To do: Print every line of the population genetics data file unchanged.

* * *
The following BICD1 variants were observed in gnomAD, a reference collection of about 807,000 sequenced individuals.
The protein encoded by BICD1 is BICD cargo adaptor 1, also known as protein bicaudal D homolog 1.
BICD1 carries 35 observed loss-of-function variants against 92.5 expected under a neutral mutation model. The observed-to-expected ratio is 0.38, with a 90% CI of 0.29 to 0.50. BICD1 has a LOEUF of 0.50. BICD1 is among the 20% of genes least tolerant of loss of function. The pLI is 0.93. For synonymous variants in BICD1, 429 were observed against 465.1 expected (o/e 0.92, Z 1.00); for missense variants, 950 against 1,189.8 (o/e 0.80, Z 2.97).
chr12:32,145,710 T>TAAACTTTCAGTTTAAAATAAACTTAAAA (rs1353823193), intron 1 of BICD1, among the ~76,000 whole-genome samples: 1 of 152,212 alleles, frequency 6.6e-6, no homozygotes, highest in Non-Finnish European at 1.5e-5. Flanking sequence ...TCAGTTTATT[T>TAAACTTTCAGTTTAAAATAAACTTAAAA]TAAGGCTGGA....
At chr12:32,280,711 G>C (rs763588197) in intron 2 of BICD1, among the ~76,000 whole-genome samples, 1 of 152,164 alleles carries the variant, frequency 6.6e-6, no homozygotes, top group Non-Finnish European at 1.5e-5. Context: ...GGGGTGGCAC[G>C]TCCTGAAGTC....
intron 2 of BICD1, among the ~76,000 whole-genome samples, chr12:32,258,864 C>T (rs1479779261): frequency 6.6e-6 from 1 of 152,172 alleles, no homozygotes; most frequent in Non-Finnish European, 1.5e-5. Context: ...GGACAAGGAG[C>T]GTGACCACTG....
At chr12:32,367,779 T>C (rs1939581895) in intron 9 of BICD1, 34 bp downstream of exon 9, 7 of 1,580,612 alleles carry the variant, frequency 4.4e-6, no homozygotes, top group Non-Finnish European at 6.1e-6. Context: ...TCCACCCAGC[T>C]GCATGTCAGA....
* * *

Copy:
The following BICD1 variants were observed in gnomAD, a reference collection of about 807,000 sequenced individuals.
The protein encoded by BICD1 is BICD cargo adaptor 1, also known as protein bicaudal D homolog 1.
BICD1 carries 35 observed loss-of-function variants against 92.5 expected under a neutral mutation model. The observed-to-expected ratio is 0.38, with a 90% CI of 0.29 to 0.50. BICD1 has a LOEUF of 0.50. BICD1 is among the 20% of genes least tolerant of loss of function. The pLI is 0.93. For synonymous variants in BICD1, 429 were observed against 465.1 expected (o/e 0.92, Z 1.00); for missense variants, 950 against 1,189.8 (o/e 0.80, Z 2.97).
chr12:32,145,710 T>TAAACTTTCAGTTTAAAATAAACTTAAAA (rs1353823193), intron 1 of BICD1, among the ~76,000 whole-genome samples: 1 of 152,212 alleles, frequency 6.6e-6, no homozygotes, highest in Non-Finnish European at 1.5e-5. Flanking sequence ...TCAGTTTATT[T>TAAACTTTCAGTTTAAAATAAACTTAAAA]TAAGGCTGGA....
At chr12:32,280,711 G>C (rs763588197) in intron 2 of BICD1, among the ~76,000 whole-genome samples, 1 of 152,164 alleles carries the variant, frequency 6.6e-6, no homozygotes, top group Non-Finnish European at 1.5e-5. Context: ...GGGGTGGCAC[G>C]TCCTGAAGTC....
intron 2 of BICD1, among the ~76,000 whole-genome samples, chr12:32,258,864 C>T (rs1479779261): frequency 6.6e-6 from 1 of 152,172 alleles, no homozygotes; most frequent in Non-Finnish European, 1.5e-5. Context: ...GGACAAGGAG[C>T]GTGACCACTG....
At chr12:32,367,779 T>C (rs1939581895) in intron 9 of BICD1, 34 bp downstream of exon 9, 7 of 1,580,612 alleles carry the variant, frequency 4.4e-6, no homozygotes, top group Non-Finnish European at 6.1e-6. Context: ...TCCACCCAGC[T>C]GCATGTCAGA....